No more. Because of that super strict written budget, our months will look frightening similar from one to the next! Any "extra" money Frugal Mister's paycheck brings us goes directly to paying off debt and watching our snowball gain momentum! Hence, the need for a written menu plan.
There are many benefits to menu planning!
- The food you buy, you actually USE!
- You can plan healthy and well rounded meals by seeing what you've eaten in the past week.
- You save yourself from those irritating last minute dashes to the store in the pre-dinner hour to get ingredients.
- Gone is the stress that hits you at 4pm when you wonder what's for dinner!
- It's really REALLY easy. Really.
In the past, I'd plan out the month with exact meals for each day of the week. I know now that it's unrealistic to expect me to know exactly what the Frugal Family will feel like eating/how many leftovers we'll have in the fridge/if we have plans with family or friends/etc. In other words, I was planning meals that most often still went unused! I'm not sure I know of anyone that can say for certain how an entire month will pan out for their mealtimes!
So, I came up with a solution. First, I wrote out Frugal Family's favorite meals (23 so far, but I know I am missing some) and put them into categories.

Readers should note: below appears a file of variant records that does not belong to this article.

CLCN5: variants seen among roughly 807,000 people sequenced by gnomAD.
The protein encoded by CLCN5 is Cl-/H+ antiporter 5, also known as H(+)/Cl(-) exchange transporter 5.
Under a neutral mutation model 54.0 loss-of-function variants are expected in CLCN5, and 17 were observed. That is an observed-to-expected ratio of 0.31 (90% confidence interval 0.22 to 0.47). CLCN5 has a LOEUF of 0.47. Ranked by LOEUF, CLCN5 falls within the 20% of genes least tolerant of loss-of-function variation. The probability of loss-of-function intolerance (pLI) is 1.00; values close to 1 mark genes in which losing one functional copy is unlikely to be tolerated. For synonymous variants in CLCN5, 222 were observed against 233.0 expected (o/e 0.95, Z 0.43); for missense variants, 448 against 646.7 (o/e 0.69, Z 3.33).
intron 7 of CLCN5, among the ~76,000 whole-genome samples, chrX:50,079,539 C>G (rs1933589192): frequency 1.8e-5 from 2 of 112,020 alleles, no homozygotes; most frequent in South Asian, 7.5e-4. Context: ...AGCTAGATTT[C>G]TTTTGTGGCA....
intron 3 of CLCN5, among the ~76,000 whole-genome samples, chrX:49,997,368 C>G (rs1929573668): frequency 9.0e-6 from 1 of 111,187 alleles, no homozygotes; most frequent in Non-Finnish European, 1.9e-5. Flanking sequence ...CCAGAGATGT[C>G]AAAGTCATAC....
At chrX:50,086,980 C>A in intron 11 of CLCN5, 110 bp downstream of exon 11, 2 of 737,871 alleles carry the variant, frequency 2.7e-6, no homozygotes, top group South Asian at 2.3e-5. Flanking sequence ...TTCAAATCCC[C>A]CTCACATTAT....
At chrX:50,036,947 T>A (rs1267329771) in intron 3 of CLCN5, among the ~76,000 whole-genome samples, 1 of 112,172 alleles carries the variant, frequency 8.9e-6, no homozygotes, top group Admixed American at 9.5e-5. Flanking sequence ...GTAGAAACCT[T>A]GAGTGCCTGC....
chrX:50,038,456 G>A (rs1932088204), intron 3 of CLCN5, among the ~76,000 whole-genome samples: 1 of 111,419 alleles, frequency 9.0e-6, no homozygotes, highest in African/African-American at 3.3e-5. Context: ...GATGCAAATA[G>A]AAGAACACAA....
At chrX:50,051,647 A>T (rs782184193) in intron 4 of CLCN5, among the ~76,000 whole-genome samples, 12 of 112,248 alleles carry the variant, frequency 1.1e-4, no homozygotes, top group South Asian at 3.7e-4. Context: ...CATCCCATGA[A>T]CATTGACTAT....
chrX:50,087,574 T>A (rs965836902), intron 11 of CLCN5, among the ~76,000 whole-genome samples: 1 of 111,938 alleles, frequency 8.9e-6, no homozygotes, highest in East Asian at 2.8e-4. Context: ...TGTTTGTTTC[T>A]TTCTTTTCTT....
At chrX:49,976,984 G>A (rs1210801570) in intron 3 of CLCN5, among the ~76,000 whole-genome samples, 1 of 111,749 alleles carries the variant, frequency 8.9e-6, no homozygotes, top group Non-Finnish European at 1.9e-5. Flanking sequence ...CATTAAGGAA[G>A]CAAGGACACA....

- BBQ (Frugal Mister's nights to cook!)
- Once-a-Month Cooking (OAMC)
- Brinner (Breakfast for Dinner)
- Special Meals (the ones that cost a bit more but are huge family faves)
I then took those categories to Google Calendar and made a new calendar with just the categories. I like that this method gives me flexibility in the recipes I choose for each week, but I don't have to over think what should be on the menu for the week! I just pick from the category on the calendar and TA-DA! A menu!
We very rarely eat out and I am doing the vast majority of the cooking, which means I am one tired Missus by the end of the day. So, I included on the Master Menu BBQ nights when Frugal Mister can do one of his tried and true dishes or find a fun new recipe for us to try! Either way, I get a break from the cooking!